At times during World War II, London was bombed every night. So Londoners were asked to black out their homes at night to prevent enemy bombers from identifying targets. Surely that made life difficult for some, especially the elderly. But few Londoners complained that the resulting inconvenience was an abrogation of their freedom or rights, because they knew that they were doing it for the greater good.
When I was in my teens, we the citizens of Mumbai, India, had to black out our homes during a war for the same reason. If you did not — in addition to the police — street vigilantes were ready to call you out.
Why? Because you weren’t just endangering yourself, you were endangering the lives of citizens around you. Living in a civilized society precludes us from indulging in activities that can hurt other people, referred to as a “negative externality.” That is why we do not have the freedom to drive our cars at 120 mph.
COVID-19 is similar in that it is our enemy that is looking for target-rich environments, which are unvaccinated people. As a doctor succinctly puts it: Viruses mutate for a living. That means that we could have new more virulent variants that the vaccines might not be able to stop. So, then what? We already have the delta variant and now the lambda variant. It will be too late by the time we have the omega variant.
And like everything else these days, it has become political. About 85 percent of adult Democrats have taken at least one dose of the vaccine, while only about 50 percent of Republicans have done so. Some say that they don’t trust the science or that the risks are too high or that the pandemic is a hoax. Why? Because Tucker Carlson and other virtuosos of quackery told you so? Tens of millions have taken the vaccine without incurring significant side effects. Historically, the vast majority of vaccine side effects occur not long after getting the shot, according to a Johns Hopkins University doctor.
Our current governor, never missing a chance for self-promotion, is now peddling “Don’t Fauci my Florida” stickers. This, even as Florida is recording more COVID cases than any other state and accounts for fully one in five new cases. Hospitalizations in some areas are increasing at the fastest rate since the start of the pandemic. So what can be done?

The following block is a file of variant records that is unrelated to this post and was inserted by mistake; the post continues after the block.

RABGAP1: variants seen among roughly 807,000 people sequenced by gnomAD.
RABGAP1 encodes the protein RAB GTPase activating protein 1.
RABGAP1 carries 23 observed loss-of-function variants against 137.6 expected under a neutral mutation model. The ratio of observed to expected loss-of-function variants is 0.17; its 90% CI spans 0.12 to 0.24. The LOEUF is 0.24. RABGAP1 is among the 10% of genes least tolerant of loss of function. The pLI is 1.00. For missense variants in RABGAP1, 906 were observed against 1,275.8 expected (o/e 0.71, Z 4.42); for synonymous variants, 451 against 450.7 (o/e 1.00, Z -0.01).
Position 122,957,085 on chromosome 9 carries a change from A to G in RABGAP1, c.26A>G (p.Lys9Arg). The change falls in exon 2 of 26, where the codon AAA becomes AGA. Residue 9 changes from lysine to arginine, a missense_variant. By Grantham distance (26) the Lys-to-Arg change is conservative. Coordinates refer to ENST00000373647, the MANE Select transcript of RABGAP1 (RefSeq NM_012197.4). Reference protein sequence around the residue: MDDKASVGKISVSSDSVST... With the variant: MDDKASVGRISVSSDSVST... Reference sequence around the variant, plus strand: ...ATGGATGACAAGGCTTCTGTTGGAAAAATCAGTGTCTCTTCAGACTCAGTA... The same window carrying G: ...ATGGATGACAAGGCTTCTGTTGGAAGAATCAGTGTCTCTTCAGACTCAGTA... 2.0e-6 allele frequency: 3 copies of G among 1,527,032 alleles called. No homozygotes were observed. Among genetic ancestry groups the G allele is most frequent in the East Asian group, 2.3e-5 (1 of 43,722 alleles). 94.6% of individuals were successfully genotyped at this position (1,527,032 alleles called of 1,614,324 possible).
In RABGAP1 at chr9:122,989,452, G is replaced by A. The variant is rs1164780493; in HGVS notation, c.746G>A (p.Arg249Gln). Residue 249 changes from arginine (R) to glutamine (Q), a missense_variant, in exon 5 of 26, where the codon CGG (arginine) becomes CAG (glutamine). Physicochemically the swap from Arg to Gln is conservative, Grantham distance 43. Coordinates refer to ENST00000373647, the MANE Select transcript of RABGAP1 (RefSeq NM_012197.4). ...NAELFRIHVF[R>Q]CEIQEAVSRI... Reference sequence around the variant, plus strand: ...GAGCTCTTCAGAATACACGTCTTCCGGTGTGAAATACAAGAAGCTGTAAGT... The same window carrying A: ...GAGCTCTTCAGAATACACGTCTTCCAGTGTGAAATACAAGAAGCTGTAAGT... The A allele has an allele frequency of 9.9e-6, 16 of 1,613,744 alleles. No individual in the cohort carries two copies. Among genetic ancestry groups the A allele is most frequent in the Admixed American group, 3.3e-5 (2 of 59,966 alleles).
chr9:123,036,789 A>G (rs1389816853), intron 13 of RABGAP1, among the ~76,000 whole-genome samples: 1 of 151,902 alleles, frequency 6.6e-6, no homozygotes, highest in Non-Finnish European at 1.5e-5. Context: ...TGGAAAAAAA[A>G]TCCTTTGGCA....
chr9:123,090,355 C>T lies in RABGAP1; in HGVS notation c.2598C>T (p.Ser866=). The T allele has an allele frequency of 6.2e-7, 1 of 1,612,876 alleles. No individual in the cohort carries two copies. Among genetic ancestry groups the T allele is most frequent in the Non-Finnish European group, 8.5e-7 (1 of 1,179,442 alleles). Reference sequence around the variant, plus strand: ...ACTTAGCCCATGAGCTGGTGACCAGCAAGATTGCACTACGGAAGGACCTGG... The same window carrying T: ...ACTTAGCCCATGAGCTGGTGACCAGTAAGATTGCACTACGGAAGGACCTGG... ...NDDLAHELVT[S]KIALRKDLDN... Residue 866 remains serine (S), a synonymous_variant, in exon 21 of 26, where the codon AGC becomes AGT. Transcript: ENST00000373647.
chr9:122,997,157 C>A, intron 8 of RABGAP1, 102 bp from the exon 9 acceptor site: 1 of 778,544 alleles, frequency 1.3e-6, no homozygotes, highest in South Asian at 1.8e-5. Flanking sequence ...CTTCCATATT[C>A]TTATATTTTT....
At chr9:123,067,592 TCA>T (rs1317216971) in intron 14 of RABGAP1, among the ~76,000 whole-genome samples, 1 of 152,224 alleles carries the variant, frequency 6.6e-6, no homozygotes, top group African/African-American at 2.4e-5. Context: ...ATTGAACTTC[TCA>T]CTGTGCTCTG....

First, private and public sector employers should require their employees be vaccinated. Those who refuse to get vaccinated or disclose their status should be subject to termination. Florida is an at-will state, meaning employers can terminate employment at any time with or without cause. To incentivize employers, the federal government should refuse to award contracts to companies not adopting this policy.
Second, pass a law that allows hospitals to refuse admittance to those who are COVID positive, not vaccinated and do not have adequate insurance or proof of funds to pay for it themselves. They wouldn’t be required to refuse service, but they would be allowed to. Exceptions can be made for those with underlying conditions that make vaccinations risky. Harsh as these policies may sound, though times call for tough measures. It would be far less harsh than a resurgence of the virus or a more virulent variant that would kill even more people.
Third, do not provide incentives to the unvaccinated to get vaccinated. It could create a problem in the future in that people might delay taking preventive measures with the hope that delaying will compensate them.
Fourth, the government should sue purveyors of false vaccine information. Freedom does not entitle you the scream “fire” in a crowded theater. Dr. Anthony Fauci recently said, “We probably would still have polio in this country if we had the kind of false information that’s being spread now.” Some conservatives at a recent Conservative Political Action Conference (CPAC) meeting applauded the news that President Joe Biden did not achieve his goal of vaccinating 70 percent of the population by July 4.
Cutting off your nose to spite your face is not good policy.
Murad Antia teaches finance at the Muma College of Business, University of South Florida in Tampa.